Okay, everyone has always said that, given the choice, I will watch the most depressing movie I can find ninety percent of the time. Today, I re-watched the dark rock'n'roll documentary Gimme Shelter. The movie was directed by the Mayles brothers, and it follows the hottest rock band of the era, The Rolling Stones, on part of their US tour in 1969. Unfortunately, this tour ended with a free concert that you may of heard of, the one at Altamont Speedway. The Stones hired the Hell's Angels as security for this show. Somewhere between 300,000 to 400,000 people showed up, drugs and booze ran freely, and the culmination of the entire event was very anti-Woodstock. A young man was stabbed and stomped to death by the Angels in the crowd. The murder was caught on film, and it's one of the most truly chilling moments in movies.
Now, to say this is a great rock documentary doesn't give the movie the credit it deserves. It's a bona fide piece of film history. It's beautifully shot, and the sound and editing are amazing, especially when you consider that it was put together over thirty years ago. The Stones are fascinating characters, and so is Melvin Belli, the infamous attorney we see in several scenes as he tries to get this show rolling.
Several factors played into this huge event ending in tragedy: bad planning, last minute changes of venue, the size of the crowd, the disorganization, the bad acid and other drugs, the Angels, the Stones. There's plenty of blame to spread around. Watch this back to back with the Woodstock documentary, and it's like you're looking at two moments in time that happened decades and planets apart, instead of just about four months apart in the same country.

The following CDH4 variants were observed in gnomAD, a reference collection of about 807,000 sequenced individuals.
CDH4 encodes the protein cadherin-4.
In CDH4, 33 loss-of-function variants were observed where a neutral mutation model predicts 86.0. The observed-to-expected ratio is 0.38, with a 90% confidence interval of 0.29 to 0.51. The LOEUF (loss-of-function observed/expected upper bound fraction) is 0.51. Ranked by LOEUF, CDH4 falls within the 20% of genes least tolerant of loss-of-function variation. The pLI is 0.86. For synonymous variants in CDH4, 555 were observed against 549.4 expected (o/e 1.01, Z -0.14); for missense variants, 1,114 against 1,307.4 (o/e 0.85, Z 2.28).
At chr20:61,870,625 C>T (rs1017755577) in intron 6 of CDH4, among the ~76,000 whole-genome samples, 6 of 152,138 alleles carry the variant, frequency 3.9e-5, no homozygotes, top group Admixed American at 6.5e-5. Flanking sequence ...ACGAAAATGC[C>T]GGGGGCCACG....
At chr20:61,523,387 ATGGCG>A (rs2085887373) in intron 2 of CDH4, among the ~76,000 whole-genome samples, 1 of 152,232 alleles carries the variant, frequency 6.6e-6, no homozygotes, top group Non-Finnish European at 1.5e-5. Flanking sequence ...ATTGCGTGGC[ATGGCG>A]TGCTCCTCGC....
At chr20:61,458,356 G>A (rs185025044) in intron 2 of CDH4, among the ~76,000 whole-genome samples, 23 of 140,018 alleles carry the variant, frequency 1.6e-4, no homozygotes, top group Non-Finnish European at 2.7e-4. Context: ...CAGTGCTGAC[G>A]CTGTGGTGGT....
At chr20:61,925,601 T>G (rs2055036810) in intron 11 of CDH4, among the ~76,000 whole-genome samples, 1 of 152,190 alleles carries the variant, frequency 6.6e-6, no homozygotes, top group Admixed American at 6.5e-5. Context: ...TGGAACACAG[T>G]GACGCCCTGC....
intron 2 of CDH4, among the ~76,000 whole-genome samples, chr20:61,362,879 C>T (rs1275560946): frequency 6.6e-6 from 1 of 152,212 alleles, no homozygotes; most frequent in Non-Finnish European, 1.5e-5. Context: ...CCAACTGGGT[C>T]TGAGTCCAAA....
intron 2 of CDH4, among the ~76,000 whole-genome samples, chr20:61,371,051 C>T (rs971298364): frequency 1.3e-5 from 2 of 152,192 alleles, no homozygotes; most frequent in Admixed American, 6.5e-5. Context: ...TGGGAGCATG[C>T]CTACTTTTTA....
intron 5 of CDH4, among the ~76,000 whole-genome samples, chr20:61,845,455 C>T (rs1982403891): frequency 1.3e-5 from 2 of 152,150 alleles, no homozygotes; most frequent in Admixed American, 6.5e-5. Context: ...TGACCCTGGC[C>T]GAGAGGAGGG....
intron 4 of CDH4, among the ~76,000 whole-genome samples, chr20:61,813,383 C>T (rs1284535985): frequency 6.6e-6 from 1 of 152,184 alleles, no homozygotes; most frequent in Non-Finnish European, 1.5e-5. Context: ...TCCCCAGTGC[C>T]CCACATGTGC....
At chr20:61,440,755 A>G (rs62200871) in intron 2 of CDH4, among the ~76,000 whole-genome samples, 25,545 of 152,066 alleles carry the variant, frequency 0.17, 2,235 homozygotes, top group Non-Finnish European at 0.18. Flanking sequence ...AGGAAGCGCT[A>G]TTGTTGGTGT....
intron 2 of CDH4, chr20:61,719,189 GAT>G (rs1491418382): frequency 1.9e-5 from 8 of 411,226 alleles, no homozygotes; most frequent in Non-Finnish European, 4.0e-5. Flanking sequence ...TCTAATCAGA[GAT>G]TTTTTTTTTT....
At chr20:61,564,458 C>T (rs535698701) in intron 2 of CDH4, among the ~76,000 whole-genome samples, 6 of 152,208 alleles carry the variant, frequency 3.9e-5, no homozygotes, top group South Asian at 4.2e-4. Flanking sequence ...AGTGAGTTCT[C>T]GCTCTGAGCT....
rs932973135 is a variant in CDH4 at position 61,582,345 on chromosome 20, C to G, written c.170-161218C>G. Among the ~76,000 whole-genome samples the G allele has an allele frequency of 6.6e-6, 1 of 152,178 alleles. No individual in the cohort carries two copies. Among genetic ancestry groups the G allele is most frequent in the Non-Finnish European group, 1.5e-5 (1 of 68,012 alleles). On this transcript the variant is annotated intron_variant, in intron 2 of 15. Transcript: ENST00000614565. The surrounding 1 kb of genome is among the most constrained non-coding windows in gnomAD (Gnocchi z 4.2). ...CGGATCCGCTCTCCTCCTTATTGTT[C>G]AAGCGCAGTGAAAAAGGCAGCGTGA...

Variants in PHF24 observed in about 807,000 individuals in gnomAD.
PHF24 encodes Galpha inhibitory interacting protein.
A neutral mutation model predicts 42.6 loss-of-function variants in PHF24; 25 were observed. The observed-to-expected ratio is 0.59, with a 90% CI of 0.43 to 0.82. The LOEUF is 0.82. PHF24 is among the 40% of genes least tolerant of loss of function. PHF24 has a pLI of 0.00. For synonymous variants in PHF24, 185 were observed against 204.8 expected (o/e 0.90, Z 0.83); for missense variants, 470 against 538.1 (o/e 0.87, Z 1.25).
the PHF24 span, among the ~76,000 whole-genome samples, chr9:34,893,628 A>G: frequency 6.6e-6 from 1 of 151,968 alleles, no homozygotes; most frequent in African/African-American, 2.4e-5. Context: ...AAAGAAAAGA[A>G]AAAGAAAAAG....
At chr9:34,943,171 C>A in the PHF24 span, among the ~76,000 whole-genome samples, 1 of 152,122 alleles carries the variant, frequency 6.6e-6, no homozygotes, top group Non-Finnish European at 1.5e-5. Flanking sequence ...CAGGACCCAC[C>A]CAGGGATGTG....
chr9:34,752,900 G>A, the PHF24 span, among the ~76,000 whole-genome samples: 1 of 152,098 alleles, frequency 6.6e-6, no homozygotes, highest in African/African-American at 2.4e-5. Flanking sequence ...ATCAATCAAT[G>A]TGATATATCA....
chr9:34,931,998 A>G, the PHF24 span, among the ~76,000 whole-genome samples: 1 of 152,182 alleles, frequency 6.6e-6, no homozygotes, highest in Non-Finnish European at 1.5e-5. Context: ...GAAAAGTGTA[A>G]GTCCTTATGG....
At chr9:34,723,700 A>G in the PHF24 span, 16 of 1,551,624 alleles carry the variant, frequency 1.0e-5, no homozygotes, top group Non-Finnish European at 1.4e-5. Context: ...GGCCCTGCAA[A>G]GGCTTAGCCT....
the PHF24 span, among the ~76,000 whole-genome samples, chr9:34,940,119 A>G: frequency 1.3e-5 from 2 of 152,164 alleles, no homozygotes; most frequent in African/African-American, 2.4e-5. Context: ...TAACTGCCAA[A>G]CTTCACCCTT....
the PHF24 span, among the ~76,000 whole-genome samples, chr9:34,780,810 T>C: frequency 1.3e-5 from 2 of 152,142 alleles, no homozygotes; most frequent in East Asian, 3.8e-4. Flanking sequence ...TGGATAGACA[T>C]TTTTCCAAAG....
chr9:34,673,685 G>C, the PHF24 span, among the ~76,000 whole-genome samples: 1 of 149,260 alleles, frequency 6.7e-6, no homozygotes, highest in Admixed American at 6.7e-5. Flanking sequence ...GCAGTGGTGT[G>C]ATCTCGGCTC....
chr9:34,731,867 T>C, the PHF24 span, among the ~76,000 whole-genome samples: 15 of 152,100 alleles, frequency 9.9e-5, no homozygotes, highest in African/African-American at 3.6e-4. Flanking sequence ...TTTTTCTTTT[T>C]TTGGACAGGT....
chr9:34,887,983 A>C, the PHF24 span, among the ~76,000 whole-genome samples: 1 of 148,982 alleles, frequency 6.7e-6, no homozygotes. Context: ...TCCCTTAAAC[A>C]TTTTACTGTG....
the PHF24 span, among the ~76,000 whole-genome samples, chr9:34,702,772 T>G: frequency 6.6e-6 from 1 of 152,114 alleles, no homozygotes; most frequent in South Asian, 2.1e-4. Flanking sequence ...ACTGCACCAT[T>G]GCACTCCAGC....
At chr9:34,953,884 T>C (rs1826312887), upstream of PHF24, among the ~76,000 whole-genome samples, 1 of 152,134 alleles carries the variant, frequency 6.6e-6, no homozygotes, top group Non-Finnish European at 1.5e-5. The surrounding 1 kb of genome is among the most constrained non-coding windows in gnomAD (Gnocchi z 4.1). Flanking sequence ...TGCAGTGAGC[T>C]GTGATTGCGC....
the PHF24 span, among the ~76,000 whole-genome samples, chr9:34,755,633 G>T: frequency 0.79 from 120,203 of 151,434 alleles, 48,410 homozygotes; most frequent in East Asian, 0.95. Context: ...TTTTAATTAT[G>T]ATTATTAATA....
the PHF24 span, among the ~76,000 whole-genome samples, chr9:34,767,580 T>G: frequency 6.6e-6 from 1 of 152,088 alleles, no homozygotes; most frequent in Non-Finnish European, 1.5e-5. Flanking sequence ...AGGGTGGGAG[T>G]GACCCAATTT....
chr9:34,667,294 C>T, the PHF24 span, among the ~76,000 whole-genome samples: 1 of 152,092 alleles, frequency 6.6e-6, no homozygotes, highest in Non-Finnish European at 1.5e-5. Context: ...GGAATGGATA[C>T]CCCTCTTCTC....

Because I am a complete movie geek, I watched some of the extras today, including the commentary. The surviving Mayles brother, David, said something in his commentary that spoke directly to me and my taste in movies. It went a little like this. Would you rather watch a movie as a diversion, or watch a movie you engage with? I would rather engage. Yes, I love the movie Elf, and I love Young Frankenstein, and those are both diversions. But the movies and books and TV shows that I dearly love are those that I can engage in, participate in, movies like Gimme Shelter, that offer more than just entertainment. Many of those movies tend to be darker, and often depressing, or thought-provoking. But those are also the movies you don't or can't forget. They resonate, they're important, and they change, not only their culture, but their viewers.